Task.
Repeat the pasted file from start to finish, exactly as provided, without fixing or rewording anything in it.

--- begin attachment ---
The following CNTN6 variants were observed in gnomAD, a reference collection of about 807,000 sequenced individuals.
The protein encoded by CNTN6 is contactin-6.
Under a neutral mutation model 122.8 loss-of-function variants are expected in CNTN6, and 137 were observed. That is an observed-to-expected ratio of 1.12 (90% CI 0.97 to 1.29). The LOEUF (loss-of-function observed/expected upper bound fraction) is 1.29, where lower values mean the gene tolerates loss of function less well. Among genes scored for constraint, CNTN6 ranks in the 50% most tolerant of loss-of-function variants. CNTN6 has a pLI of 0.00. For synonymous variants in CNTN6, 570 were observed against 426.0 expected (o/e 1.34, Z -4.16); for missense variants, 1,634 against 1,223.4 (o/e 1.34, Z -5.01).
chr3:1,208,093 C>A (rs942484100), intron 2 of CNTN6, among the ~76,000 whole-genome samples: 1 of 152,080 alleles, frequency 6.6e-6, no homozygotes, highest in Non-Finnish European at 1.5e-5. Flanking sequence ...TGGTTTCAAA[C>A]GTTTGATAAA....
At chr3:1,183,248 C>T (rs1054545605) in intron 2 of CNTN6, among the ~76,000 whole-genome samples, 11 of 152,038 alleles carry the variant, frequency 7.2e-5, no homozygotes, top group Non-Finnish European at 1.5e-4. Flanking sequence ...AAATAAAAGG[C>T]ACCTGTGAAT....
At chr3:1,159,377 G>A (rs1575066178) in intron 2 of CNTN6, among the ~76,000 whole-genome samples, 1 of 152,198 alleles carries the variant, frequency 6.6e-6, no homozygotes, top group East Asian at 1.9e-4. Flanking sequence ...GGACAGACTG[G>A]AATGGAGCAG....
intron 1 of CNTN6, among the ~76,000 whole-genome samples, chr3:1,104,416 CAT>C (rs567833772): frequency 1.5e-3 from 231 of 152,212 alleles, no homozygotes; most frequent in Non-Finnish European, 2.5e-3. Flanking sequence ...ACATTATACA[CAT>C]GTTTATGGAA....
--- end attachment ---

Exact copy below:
The following CNTN6 variants were observed in gnomAD, a reference collection of about 807,000 sequenced individuals.
The protein encoded by CNTN6 is contactin-6.
Under a neutral mutation model 122.8 loss-of-function variants are expected in CNTN6, and 137 were observed. That is an observed-to-expected ratio of 1.12 (90% CI 0.97 to 1.29). The LOEUF (loss-of-function observed/expected upper bound fraction) is 1.29, where lower values mean the gene tolerates loss of function less well. Among genes scored for constraint, CNTN6 ranks in the 50% most tolerant of loss-of-function variants. CNTN6 has a pLI of 0.00. For synonymous variants in CNTN6, 570 were observed against 426.0 expected (o/e 1.34, Z -4.16); for missense variants, 1,634 against 1,223.4 (o/e 1.34, Z -5.01).
chr3:1,208,093 C>A (rs942484100), intron 2 of CNTN6, among the ~76,000 whole-genome samples: 1 of 152,080 alleles, frequency 6.6e-6, no homozygotes, highest in Non-Finnish European at 1.5e-5. Flanking sequence ...TGGTTTCAAA[C>A]GTTTGATAAA....
At chr3:1,183,248 C>T (rs1054545605) in intron 2 of CNTN6, among the ~76,000 whole-genome samples, 11 of 152,038 alleles carry the variant, frequency 7.2e-5, no homozygotes, top group Non-Finnish European at 1.5e-4. Flanking sequence ...AAATAAAAGG[C>T]ACCTGTGAAT....
At chr3:1,159,377 G>A (rs1575066178) in intron 2 of CNTN6, among the ~76,000 whole-genome samples, 1 of 152,198 alleles carries the variant, frequency 6.6e-6, no homozygotes, top group East Asian at 1.9e-4. Flanking sequence ...GGACAGACTG[G>A]AATGGAGCAG....
intron 1 of CNTN6, among the ~76,000 whole-genome samples, chr3:1,104,416 CAT>C (rs567833772): frequency 1.5e-3 from 231 of 152,212 alleles, no homozygotes; most frequent in Non-Finnish European, 2.5e-3. Flanking sequence ...ACATTATACA[CAT>C]GTTTATGGAA....